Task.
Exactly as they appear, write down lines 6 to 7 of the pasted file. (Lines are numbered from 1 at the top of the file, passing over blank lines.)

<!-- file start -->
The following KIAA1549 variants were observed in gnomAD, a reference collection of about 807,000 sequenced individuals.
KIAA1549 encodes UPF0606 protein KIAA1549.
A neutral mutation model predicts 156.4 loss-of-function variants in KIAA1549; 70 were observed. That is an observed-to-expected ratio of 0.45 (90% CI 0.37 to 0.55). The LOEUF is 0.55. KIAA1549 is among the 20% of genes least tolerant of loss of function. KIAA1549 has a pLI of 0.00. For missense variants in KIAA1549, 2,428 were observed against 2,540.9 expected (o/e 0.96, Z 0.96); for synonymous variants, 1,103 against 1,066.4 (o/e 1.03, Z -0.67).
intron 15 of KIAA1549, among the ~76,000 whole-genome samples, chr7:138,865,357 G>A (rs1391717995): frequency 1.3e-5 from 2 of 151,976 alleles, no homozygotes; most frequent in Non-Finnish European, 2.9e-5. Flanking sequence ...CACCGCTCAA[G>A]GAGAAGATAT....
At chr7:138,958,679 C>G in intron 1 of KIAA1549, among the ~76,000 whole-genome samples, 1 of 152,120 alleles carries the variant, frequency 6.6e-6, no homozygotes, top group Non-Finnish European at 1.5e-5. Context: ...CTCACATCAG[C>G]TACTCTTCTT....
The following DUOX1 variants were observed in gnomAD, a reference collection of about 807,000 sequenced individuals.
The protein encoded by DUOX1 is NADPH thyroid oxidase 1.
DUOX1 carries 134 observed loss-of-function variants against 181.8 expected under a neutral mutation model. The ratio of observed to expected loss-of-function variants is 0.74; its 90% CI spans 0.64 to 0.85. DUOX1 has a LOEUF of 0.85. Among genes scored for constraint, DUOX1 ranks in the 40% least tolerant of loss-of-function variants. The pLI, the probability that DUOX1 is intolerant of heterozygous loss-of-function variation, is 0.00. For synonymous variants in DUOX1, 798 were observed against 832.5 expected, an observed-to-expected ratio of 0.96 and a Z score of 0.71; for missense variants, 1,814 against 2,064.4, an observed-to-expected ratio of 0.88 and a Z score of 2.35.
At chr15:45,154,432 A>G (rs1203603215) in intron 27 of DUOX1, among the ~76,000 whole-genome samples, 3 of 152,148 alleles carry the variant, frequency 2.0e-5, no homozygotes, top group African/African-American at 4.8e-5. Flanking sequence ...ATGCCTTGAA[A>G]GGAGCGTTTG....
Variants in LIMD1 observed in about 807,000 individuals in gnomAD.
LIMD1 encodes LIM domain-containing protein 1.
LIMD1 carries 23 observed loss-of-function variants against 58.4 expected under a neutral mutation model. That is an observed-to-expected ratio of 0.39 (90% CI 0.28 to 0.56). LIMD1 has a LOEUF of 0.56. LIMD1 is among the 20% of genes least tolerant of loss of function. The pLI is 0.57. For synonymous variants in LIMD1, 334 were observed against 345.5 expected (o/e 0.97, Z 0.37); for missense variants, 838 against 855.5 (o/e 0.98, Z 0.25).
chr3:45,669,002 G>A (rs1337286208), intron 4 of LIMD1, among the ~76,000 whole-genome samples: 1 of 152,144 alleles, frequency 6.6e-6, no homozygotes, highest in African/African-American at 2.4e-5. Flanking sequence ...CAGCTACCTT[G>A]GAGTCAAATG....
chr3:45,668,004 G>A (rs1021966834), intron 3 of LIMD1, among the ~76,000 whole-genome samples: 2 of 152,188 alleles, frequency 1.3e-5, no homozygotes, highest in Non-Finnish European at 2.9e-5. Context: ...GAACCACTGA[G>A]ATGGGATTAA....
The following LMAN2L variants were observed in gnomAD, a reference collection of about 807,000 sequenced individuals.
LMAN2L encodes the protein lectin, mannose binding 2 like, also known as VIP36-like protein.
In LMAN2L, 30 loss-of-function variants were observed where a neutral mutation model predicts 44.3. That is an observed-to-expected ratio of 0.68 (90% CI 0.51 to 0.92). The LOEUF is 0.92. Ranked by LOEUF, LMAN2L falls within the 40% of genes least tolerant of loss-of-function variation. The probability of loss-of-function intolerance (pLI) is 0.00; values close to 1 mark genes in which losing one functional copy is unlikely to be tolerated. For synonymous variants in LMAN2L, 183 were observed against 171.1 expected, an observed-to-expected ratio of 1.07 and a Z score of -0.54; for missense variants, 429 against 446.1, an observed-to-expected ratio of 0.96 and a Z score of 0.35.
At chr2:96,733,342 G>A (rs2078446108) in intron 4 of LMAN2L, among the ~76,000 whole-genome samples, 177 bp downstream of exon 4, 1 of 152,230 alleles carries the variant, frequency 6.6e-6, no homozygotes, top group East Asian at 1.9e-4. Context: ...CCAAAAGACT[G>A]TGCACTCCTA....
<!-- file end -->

The following DUOX1 variants were observed in gnomAD, a reference collection of about 807,000 sequenced individuals.
The protein encoded by DUOX1 is NADPH thyroid oxidase 1.